Mississippi stern wheeler 33" St. louis belle 1:64 scale Full Size Printed plan for Radio control or display

$14.98


Full Size Printed Plans and Article
ST. LOUIS BELLE
Scale 1/64
THIS MODEL IS TYPICAL ONLY AND DOES NOT REPRESENT A SPECIFIC BOAT
LENGTH 33 INCH
BEAM 8 INCH
ELECTRIC MOTORS or STEAM
MULTI CHANNEL RADIO CONTROL or DISPLAY
Drawing of a Mississippi stern wheeler
Full Size Printed on a sheets 45” x30”
Three Page Article and photos
It is recommended that only those with a fair amount of experience undertake it. It is not an easy model to build from the practical working aspect, though as a non working decoration it offers few problems.
Only some build suggestions
ississippi in the early part of the last century; the boats themselves were gaudy and heavily smothered with "gingerbread", but the men they bred and the traditions that became so rapidly established were no less extrovert and outrageous. Before coming in sight of a landing point, pitch pine would be flung on to the boilers to produce dense clouds of the blackest possible smoke, and the same impressive display of smoke would be created before departure. Hustle and bustle, not always strictly necessary, was part of a call. and helped to create an atmosphere of excitement. A race between two steamboats, usually announced weeks in advance, would induce a state of enthusiasm rising to near hysteria which, from records, appears to have far exceeded the excitement attending a present day Cup Final or similar sporting event.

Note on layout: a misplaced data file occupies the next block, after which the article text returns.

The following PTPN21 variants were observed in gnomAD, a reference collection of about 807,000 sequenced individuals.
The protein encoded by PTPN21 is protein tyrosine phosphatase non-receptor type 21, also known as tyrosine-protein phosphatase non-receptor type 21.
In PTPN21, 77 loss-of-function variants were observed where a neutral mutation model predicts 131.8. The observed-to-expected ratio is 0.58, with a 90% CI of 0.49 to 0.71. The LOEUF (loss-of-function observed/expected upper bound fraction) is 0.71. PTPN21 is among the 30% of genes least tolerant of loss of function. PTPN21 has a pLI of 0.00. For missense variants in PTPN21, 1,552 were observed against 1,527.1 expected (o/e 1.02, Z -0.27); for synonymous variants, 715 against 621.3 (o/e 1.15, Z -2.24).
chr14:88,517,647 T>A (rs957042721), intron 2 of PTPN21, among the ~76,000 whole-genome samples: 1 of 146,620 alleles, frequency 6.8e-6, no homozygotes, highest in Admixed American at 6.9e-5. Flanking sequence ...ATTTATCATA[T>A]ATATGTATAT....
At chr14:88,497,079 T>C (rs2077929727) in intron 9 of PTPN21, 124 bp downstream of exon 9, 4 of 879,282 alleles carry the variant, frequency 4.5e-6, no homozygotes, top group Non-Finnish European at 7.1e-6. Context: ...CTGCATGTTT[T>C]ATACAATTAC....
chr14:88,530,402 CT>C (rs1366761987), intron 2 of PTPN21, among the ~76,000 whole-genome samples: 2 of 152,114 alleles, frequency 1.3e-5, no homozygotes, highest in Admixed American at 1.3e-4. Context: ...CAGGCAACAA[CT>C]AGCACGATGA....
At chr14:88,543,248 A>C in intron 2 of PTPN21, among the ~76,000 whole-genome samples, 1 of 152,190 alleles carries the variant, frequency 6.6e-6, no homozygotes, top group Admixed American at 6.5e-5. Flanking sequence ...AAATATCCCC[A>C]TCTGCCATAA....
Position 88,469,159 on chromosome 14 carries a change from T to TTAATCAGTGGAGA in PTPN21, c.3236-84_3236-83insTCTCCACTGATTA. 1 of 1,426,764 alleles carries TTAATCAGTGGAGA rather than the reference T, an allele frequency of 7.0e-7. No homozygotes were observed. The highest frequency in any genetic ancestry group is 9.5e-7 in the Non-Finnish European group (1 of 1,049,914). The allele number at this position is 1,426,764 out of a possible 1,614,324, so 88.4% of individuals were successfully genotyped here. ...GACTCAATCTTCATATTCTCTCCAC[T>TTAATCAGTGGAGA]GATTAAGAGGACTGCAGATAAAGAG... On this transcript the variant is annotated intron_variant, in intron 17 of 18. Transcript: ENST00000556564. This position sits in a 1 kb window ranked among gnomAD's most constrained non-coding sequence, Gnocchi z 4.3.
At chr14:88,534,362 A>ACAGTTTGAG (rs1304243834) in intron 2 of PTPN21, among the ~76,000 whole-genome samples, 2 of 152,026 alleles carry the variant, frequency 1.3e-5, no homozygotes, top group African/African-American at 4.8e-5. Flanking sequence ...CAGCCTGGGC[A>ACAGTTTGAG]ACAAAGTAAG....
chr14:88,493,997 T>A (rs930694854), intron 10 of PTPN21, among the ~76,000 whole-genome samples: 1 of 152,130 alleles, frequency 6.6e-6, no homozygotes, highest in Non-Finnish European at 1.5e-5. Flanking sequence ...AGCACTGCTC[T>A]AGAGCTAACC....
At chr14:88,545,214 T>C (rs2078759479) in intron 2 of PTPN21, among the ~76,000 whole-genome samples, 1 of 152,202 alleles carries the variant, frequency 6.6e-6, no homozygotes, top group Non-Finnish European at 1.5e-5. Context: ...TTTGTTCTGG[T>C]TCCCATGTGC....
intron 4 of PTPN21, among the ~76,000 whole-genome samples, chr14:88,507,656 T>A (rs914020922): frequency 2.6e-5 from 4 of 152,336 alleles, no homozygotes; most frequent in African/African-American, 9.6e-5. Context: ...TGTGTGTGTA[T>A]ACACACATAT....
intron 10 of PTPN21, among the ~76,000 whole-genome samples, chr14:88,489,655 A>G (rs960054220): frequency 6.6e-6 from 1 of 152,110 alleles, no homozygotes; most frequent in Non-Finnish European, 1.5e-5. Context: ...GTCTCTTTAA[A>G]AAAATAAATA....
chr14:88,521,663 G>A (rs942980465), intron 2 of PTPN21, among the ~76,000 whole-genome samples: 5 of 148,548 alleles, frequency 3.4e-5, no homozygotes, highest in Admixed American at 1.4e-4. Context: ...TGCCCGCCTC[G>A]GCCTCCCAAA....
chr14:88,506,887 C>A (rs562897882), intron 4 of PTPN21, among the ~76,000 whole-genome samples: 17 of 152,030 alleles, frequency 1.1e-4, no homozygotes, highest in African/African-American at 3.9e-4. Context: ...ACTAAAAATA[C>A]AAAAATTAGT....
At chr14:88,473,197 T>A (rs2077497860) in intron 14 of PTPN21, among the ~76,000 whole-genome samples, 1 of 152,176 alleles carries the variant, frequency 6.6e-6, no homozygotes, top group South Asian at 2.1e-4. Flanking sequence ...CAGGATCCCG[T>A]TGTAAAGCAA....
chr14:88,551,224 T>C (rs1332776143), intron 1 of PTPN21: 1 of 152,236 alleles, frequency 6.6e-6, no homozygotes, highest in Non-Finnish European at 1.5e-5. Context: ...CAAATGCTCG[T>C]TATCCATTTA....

Building a Model
With our plans it is customary to draw in structural details but in the case of this plan so much depends of the individual builder and what he wishes to install that we have decided to leave the question of access to him. The obvious way where a lot of space is required is to cut two sheet members to brace the main deck to its proper sheer and make the hull detachable from beneath the deck. This avoids the necessity of disturbing any of the detail work. An alternative would be to split the saloon deck so that the top of the superstructure lifted off to give access to the main deck engine housing. Many boats carried the engine housing forward to the main stairs, i.e., the boilers, etc., were all enclosed,

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